Dr. Henry Paul, MD

Psychiatrist, Author and Educator


February 9th, 2015

Police and school officials in Fort Wayne, Indiana, are teaming-up to understand the basics of mental illness in young people in an effort to cut back on arrests of children in a mental health crisis. This partnership is inspiring to see because it is through collaborative efforts like this that young people who are at risk will get the best help.

16579192_sThe greatest way to help young people who have mental illness is to get them treatment and not to incarcerate them. The problem is that the symptoms of a mental health crisis are mistaken for delinquent behavior, and that can lead to arrest and possibly jail time.

There has been an ongoing debate in the medical community for years about the link between mental illness and criminal behavior. So why do so many Americans associate mental illness with criminal behavior? Because that is what is in the media and that’s what people remember. Think Sandy Hook. I’m sure what comes to mind for many is that the shooter was on the autism spectrum.

Behavior disorders in young people are often disrupting and bothersome to parents and teachers. It is normal for parents of teens to worry about their behavior, concerned that episodes of “acting up” may be harbingers of future antisocial, sociopathic development, or that their teens are on the road to violent criminality, substance abuse, living on the “edge,” and ending up in jail or prison.

The reality is that most normal teenagers do act up from time-to-time, sometimes in very disturbing and destructive ways. Adolescence is a time of testing limits. In young people who are still developing it remains self-evident that abnormal behaviors are often part of normal developmental progression, and they are temporary. In other instances it can be part of a disruptive behavior disorder, and if that’s the case the most important thing to do is to get the teen the proper treatment.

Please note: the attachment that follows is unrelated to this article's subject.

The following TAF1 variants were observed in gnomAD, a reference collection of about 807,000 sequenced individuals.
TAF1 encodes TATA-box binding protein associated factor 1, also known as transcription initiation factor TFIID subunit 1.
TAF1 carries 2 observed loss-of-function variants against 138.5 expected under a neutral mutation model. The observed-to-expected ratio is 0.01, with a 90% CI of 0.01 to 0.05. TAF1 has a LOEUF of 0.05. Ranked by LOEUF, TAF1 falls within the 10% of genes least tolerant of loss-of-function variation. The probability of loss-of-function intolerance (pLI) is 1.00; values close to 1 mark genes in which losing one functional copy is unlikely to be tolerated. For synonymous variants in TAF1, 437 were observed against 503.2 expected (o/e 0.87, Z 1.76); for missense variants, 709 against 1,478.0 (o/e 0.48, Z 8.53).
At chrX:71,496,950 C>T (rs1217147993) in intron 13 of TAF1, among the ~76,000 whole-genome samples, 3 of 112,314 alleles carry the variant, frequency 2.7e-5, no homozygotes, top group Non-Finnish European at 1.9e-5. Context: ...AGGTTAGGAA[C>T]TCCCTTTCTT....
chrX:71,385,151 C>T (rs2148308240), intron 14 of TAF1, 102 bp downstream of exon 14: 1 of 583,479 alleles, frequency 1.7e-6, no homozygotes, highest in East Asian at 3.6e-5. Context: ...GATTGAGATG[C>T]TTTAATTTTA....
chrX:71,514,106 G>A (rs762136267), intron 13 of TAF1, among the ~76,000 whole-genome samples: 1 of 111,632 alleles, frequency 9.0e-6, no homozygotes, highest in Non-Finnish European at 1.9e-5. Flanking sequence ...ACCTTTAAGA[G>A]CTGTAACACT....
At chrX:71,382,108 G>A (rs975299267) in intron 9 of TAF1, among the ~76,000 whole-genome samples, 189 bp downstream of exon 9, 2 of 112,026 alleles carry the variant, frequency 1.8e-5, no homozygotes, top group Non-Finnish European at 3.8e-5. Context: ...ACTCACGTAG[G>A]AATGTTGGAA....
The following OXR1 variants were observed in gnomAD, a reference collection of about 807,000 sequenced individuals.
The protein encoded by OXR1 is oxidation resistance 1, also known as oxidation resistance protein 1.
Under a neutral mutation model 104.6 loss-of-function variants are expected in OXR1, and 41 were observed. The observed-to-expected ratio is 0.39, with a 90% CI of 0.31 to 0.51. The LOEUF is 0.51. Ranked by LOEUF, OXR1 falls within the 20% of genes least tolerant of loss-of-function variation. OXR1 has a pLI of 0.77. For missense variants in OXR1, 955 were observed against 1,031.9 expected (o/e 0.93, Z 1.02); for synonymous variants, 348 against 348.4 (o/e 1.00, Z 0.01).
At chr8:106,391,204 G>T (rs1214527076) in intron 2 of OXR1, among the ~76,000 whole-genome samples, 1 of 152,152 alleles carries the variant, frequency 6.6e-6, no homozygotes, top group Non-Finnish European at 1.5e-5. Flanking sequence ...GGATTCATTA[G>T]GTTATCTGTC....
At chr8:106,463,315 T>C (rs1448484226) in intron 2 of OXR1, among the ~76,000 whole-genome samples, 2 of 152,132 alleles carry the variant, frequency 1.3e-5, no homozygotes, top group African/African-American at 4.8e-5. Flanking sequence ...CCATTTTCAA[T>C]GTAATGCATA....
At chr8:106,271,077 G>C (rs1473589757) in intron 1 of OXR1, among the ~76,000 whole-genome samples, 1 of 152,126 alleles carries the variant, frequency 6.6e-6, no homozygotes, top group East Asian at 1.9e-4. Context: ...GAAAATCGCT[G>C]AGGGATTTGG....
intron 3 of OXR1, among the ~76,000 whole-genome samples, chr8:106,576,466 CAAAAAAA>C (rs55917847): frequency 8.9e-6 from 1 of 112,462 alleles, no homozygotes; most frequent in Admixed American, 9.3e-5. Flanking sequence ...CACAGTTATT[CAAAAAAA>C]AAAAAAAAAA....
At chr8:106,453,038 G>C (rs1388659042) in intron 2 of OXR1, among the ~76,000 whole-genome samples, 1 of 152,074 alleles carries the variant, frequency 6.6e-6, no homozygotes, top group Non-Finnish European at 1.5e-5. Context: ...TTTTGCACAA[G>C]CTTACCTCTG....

Young people with disruptive behavior disorders such as ADHD, Oppositional Defiant Disorder (ODD), and Conduct Disorder (CD), do occasionally break laws, especially those young people with Conduct Disorder. If your teen’s behavioral problems have proven to be intransigent, they may suffer from a behavioral disorder that requires greater attention and more specific help. The upside is that these disorders in young people can more easily be treated than the adult syndrome of “Antisocial Personality” (the Psychopath), which is notoriously resistant to psychiatric intervention. Youth carries with it more hope of intervention and possible change. Thus schools, police and mental health professionals working together offer the most fruitful hope.

Click here to read about the partnership between police and school administrators in Fort Wayne.

Information contained in this blog is intended for educational purposes only. It is not intended as medical or psychiatric advice for individual conditions or treatment and does not substitute for a medical or psychiatric examination. A psychiatrist must make a determination about any treatment or prescription. Dr. Paul does not assume any responsibility or risk for the use of any information contained within this blog.

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